Yasmin is a birth control medication that is used to prevent ovulation. The resulting hormone flux will cause changes in the uterine and cervical lining which will make it more difficult for sperm to reach the egg so it cannot become fertilized. The primary reason for prescribing this medication is to prevent pregnancy, but some patients are also given this birth control to help make their periods more manageable or to help control severe acne caused by a hormone flux.
Those who have recently had a baby or may currently be pregnant should not use birth control pills. Due to the impact on the circulatory system, those who have conditions including heart disease, high blood pressure, blood clotting disorders, trouble managing diabetes, unusual vaginal bleeding, circulation problems, severe migraines, those who smoke or those that have been treated for uterine or breast cancer may not be able to use Yasmin. If you have used other birth control pills in the past and they have caused you to have a heart attack, stroke, blood clot or jaundice you should not start using Yasmin.
If you are using antibiotics, barbiturate sedatives or medications to control HIV/AIDS, hepatitis C or seizures, they can impact your body's ability to properly absorb Yasmin doses. Talk to your doctor about any medications you are taking to determine how they will affect your Yasmin prescription.
Yasmin should be taken on a regular schedule. If you miss a pill, follow the instructions on the packet to deal with this condition. You may need to use back up birth control including spermicide or condoms if you have missed a dose of your medication.
Most doses of Yasmin will involve taking one pill every 24 hours. Try to take your pills around the same time every day to ensure that you have a consistent amount of the medication in your system at all times. Yasmin pills will be given in packets that provide enough pills for one month to coincide with your menstrual cycle. These will include three weeks of pills that provide medication and seven "reminder" pills that you will take during your period. After these have been used, throw the packet away and begin a new packet. You will typically need to visit your doctor once a year to receive a new prescription for Yasmin.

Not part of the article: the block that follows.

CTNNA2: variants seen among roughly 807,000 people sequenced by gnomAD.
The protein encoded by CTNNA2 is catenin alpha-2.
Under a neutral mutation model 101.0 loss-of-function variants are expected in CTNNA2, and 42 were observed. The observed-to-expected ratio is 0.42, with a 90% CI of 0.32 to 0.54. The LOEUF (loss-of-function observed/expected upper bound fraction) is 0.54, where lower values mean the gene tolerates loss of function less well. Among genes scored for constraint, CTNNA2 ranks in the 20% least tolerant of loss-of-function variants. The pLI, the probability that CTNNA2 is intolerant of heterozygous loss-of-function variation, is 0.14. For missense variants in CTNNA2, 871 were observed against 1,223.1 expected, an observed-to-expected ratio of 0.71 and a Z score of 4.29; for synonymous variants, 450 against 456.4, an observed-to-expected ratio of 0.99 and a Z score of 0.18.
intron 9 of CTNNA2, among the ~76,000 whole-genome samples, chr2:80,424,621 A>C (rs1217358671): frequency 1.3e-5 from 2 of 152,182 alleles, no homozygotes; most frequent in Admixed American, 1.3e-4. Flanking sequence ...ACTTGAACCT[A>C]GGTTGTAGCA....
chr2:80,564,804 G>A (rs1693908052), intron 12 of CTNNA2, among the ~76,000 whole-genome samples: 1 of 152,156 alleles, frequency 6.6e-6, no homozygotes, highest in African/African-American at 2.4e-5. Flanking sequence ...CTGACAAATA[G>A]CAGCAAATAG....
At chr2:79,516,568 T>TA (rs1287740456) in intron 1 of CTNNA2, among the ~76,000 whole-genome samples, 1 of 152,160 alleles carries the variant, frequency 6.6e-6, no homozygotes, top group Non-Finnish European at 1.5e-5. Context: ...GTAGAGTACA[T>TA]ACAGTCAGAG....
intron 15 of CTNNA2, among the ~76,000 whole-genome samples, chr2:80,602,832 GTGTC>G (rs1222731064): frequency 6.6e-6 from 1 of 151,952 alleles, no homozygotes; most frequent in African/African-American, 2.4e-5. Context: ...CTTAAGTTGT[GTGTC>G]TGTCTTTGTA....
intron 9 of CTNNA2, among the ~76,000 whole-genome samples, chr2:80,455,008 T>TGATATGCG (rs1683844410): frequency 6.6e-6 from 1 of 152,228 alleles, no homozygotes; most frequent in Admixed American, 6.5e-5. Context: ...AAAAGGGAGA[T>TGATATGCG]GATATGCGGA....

Your doctor will either have you start your doses on the first day of your period or the first Sunday after your period has finished. This will largely be based on which will be easier for you to keep track of so you can easily take your medication at the appropriate time. It will take up to two weeks for the birth control to go into effect, so you will need to use backup birth control during this time. Follow all of your doctor's instructions regarding the size of your dose and when they should be taken. If no specific instructions were given, follow the instructions on the prescription package.
Your prescription package should provide instructions on how to react if you miss a dose of your medication. You will need to use backup birth control if you miss a dose to help prevent becoming pregnant. If you do miss a dose and you realize your mistake the same day, take your pill as soon as you remember. Continue taking your medication on your regular schedule every day. If the pill you missed was from the remainder row, throw the missed pill away and return to your regular schedule the following day.
If you miss two pills from the active portion of the packet, take two pills for the next two days. Then return to your regular schedule, taking one pill at the same time every day for the remainder of the packet. If two pills have been missed you will need to use backup birth control for at least seven days after you discover the mistake to ensure that you do get pregnant.
If you miss three pills in a row at the beginning of a week, throw out the rest of your prescription package and start a new pack the same day. If you miss three pills in the middle of the week, finish out the week, then start a new packet of pills. If you miss two or more pills during the month you may not have a period. You may need to check with your doctor to ensure that you are not pregnant before you can refill your prescription.
If you take more pills than you have been prescribed or you have a strong reaction to Yasmin you can have an overdose. If you begin to experience sudden vaginal bleeding, nausea or vomiting, call a poison control helpline or emergency medical services to get help.
Common side effects of Yasmin include tenderness of the breasts, mild nausea, darkening of the facial skin, hair loss, increased hair growth, changes in weight, changes of appetite, trouble wearing contact lenses, vaginal itching, vaginal discharge, decreased sex drive or changes in menstrual periods. These side effects are not dangerous, but you may wish to report them to your doctor to ensure that you are taking the right dose.
If you experience severe headaches, sudden numbness, particularly on one side of the body, chest pain, sudden cough, coughing up blood, pain in the legs, severe nausea, clay colored stools, jaundice, sweating in the hands and feet, symptoms of depression or breast lumps you should talk to your doctor right away. Stop taking Yasmin immediately if any of these side effects occur. If you feel as though your side effects are putting you in danger, contact emergency medical services to get help.